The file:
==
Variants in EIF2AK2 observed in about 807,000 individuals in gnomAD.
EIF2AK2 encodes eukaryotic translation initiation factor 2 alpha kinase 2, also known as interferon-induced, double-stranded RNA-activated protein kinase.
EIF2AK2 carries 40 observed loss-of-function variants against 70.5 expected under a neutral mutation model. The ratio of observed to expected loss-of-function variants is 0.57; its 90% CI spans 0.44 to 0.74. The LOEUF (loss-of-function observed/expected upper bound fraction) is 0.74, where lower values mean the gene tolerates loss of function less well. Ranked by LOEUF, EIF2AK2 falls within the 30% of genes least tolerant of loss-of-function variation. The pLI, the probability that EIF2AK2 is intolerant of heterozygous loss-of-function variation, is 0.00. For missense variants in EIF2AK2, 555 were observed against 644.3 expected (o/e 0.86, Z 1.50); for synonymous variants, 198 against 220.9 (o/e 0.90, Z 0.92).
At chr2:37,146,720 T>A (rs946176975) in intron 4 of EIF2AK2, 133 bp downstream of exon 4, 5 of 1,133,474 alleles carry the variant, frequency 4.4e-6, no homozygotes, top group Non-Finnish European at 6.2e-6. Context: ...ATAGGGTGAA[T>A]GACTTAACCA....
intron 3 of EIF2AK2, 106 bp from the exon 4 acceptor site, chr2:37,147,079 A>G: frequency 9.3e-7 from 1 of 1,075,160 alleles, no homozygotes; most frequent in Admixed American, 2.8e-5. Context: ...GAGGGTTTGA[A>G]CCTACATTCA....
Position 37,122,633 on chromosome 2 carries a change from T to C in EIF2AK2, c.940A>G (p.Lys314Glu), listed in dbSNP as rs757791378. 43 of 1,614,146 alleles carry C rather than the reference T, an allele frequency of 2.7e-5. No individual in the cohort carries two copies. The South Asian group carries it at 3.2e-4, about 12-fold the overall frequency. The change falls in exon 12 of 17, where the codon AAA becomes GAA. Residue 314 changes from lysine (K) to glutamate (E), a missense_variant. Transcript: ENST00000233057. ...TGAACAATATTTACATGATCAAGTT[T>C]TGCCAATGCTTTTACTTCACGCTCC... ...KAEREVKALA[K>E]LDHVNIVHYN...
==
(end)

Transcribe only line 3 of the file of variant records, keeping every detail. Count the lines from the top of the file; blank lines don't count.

EIF2AK2 carries 40 observed loss-of-function variants against 70.5 expected under a neutral mutation model. The ratio of observed to expected loss-of-function variants is 0.57; its 90% CI spans 0.44 to 0.74. The LOEUF (loss-of-function observed/expected upper bound fraction) is 0.74, where lower values mean the gene tolerates loss of function less well. Ranked by LOEUF, EIF2AK2 falls within the 30% of genes least tolerant of loss-of-function variation. The pLI, the probability that EIF2AK2 is intolerant of heterozygous loss-of-function variation, is 0.00. For missense variants in EIF2AK2, 555 were observed against 644.3 expected (o/e 0.86, Z 1.50); for synonymous variants, 198 against 220.9 (o/e 0.90, Z 0.92).